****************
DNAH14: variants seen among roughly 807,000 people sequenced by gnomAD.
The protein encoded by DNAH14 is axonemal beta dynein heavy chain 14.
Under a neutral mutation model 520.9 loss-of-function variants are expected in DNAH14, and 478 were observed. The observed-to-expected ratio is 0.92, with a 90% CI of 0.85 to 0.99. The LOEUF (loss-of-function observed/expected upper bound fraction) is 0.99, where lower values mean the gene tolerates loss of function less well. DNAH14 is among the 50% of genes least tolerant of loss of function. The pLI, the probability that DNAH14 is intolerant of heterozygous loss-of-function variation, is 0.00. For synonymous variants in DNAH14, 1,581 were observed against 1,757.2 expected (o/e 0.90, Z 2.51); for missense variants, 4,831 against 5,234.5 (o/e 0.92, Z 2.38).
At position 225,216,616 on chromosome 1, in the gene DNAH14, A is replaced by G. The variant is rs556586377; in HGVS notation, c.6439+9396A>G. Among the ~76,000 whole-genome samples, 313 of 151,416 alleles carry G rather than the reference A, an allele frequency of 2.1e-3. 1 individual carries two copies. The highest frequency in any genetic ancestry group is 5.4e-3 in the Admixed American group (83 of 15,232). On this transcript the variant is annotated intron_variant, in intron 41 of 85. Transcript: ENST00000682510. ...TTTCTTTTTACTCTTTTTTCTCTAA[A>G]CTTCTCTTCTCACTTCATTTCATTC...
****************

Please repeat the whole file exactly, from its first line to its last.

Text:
DNAH14: variants seen among roughly 807,000 people sequenced by gnomAD.
The protein encoded by DNAH14 is axonemal beta dynein heavy chain 14.
Under a neutral mutation model 520.9 loss-of-function variants are expected in DNAH14, and 478 were observed. The observed-to-expected ratio is 0.92, with a 90% CI of 0.85 to 0.99. The LOEUF (loss-of-function observed/expected upper bound fraction) is 0.99, where lower values mean the gene tolerates loss of function less well. DNAH14 is among the 50% of genes least tolerant of loss of function. The pLI, the probability that DNAH14 is intolerant of heterozygous loss-of-function variation, is 0.00. For synonymous variants in DNAH14, 1,581 were observed against 1,757.2 expected (o/e 0.90, Z 2.51); for missense variants, 4,831 against 5,234.5 (o/e 0.92, Z 2.38).
At position 225,216,616 on chromosome 1, in the gene DNAH14, A is replaced by G. The variant is rs556586377; in HGVS notation, c.6439+9396A>G. Among the ~76,000 whole-genome samples, 313 of 151,416 alleles carry G rather than the reference A, an allele frequency of 2.1e-3. 1 individual carries two copies. The highest frequency in any genetic ancestry group is 5.4e-3 in the Admixed American group (83 of 15,232). On this transcript the variant is annotated intron_variant, in intron 41 of 85. Transcript: ENST00000682510. ...TTTCTTTTTACTCTTTTTTCTCTAA[A>G]CTTCTCTTCTCACTTCATTTCATTC...